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Contactors are designed to handle high current and voltage levels, ensuring reliable and durable switching of electrical loads. They are typically operated by low-power control signals from switches, relays, or programmable logic controllers (PLCs). The control signals activate an electromagnet within the contactor, causing the contacts to close or open, thereby controlling the flow of electrical power.

  • 2 Pole 220V
  • 2 Pole 24V
  • 3 Pole 220V
  • 3 Pole 24V


Here are some common uses of contactors:

Motor Control:

Contactors are extensively used for controlling electric motors. They provide a means to turn motors on and off, allowing for efficient and safe operation. Contactors are often used in industrial machinery, HVAC systems, elevators, and escalators to control motor-driven components.

Lighting Control:

In larger buildings or facilities, contactors are used to control lighting circuits. They enable the centralized control of multiple lighting circuits, allowing for automated switching, scheduling, and energy management. Contactors can handle high electrical loads, making them suitable for controlling large lighting systems.

Heating and Cooling Systems:

Contactors are utilized in HVAC systems to control the operation of heating and cooling equipment. They enable the switching of high-power elements like heating elements, compressors, and fans, allowing for precise temperature control and efficient operation.

Power Distribution:

Contactors play a crucial role in power distribution panels and switchboards. They help manage the flow of electrical power by connecting and disconnecting circuits, protecting against overloads and short circuits. Contactors are often used in conjunction with circuit breakers and fuses to ensure electrical safety.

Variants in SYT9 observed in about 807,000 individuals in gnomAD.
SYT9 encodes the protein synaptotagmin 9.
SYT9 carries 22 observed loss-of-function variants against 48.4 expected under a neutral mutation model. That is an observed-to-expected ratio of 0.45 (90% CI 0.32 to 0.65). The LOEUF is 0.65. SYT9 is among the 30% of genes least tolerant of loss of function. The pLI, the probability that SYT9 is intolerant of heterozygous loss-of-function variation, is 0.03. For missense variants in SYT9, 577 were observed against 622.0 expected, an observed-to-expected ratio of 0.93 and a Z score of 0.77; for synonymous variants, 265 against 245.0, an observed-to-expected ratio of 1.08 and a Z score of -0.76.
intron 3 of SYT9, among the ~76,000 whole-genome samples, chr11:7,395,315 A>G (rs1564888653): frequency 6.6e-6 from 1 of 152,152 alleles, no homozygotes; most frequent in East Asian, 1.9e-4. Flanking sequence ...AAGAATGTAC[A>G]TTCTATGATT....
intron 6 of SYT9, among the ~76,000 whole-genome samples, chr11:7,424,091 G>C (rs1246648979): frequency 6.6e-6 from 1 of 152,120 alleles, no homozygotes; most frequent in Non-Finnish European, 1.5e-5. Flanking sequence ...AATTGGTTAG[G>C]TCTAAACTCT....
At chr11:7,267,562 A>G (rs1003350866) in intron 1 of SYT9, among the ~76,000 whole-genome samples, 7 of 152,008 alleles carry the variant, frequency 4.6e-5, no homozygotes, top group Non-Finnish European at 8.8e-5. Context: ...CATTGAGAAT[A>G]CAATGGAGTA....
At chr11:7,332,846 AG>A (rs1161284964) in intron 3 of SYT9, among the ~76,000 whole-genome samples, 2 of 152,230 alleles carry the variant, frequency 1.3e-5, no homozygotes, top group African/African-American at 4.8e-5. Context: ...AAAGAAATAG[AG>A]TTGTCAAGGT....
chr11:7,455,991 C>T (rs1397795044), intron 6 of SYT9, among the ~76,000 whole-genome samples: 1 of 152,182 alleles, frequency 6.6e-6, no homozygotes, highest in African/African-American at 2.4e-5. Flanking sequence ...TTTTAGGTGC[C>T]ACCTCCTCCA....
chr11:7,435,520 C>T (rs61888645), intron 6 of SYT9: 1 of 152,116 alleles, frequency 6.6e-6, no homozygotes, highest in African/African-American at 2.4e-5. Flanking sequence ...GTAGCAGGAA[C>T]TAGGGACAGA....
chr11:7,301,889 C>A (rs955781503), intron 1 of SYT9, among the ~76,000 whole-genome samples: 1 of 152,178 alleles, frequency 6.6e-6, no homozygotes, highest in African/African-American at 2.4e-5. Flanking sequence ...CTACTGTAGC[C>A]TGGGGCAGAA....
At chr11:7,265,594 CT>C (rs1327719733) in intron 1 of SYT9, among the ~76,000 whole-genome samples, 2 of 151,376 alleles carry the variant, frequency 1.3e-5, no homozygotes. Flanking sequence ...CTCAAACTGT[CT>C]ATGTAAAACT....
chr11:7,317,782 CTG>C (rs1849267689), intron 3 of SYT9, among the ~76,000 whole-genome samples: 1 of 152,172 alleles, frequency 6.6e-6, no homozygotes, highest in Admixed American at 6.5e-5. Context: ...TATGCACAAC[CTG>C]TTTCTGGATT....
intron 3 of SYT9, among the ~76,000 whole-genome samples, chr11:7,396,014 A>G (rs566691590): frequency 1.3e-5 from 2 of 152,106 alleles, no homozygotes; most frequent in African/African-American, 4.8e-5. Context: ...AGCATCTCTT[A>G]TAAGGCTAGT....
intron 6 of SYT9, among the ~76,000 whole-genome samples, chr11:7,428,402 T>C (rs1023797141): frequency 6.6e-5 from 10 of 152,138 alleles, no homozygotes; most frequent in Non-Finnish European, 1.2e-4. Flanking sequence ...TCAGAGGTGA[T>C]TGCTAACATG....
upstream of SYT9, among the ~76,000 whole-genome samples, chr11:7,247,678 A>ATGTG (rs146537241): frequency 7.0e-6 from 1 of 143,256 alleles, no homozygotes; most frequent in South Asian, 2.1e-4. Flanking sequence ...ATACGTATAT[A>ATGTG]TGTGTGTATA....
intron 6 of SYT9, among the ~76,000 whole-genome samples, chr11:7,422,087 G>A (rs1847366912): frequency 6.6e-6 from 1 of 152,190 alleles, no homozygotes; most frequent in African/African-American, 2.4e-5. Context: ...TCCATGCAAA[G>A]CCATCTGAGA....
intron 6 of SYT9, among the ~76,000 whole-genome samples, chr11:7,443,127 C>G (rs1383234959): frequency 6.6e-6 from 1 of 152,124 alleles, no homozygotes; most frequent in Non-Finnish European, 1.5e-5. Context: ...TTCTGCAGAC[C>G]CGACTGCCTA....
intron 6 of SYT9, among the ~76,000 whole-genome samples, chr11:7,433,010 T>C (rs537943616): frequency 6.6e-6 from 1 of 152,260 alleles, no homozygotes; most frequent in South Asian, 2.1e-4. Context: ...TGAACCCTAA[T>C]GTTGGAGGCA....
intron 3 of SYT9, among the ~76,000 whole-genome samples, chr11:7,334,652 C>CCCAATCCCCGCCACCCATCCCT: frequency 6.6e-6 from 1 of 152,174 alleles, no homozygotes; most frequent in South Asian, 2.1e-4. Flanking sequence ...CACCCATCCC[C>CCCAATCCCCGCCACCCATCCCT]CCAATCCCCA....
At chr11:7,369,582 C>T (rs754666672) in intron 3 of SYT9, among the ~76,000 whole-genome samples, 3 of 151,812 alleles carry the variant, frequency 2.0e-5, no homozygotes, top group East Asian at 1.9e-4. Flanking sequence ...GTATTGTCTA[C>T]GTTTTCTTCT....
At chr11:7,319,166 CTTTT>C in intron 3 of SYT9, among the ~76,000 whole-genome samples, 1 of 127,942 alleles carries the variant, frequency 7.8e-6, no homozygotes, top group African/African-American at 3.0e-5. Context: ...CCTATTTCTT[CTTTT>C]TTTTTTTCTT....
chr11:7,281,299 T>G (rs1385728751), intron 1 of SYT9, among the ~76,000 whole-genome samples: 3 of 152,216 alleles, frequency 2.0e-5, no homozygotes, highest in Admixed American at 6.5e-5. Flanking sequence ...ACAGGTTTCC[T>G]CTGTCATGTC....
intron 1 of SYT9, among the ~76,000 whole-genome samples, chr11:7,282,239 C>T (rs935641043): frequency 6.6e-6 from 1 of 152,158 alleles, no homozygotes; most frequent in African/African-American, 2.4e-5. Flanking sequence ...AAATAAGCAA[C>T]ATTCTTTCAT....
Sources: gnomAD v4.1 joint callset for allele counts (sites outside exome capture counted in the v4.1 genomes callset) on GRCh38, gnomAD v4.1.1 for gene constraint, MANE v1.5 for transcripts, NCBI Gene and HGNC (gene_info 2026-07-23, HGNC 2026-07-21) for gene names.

Industrial Control Systems:

Contactors find widespread use in industrial control systems, such as conveyor systems, pumps, cranes, and manufacturing machinery. They provide the necessary switching capability to control the operation of these systems, allowing for efficient production processes and increased safety.

The descriptions you provided refer to different types of contractors based on their pole configuration and voltage ratings.

2 Pole 220V Contactor:

This contactor has two poles, which means it has two sets of contacts. It is designed to handle a voltage rating of 220V. These contactors are commonly used in applications where a two-phase power supply or a single-phase with neutral power supply is present.

2 Pole 24V Contactor:

Similar to the 2 pole 220V contactor, this contactor also has two poles but is designed to operate at a voltage rating of 24V. These contactors are typically used in low-voltage control circuits, often found in automation and control systems.

3 Pole 220V Contactor:

The 3 pole contactor has three sets of contacts and is rated for a voltage of 220V. These contactors are commonly used in three-phase electrical systems where three power lines are present. They are often employed for controlling motors or other three-phase loads.

3 Pole 24V Contactor:

This contactor, like the 3 pole 220V contactor, has three poles but operates at a voltage rating of 24V. They are utilized in low-voltage control circuits, similar to the 2 pole 24V contactor, but provide three sets of contacts for controlling three-phase loads.


Additional information


2 Pole 220V, 2 Pole 24V, 3 Pole 220V, 3 Pole 24V


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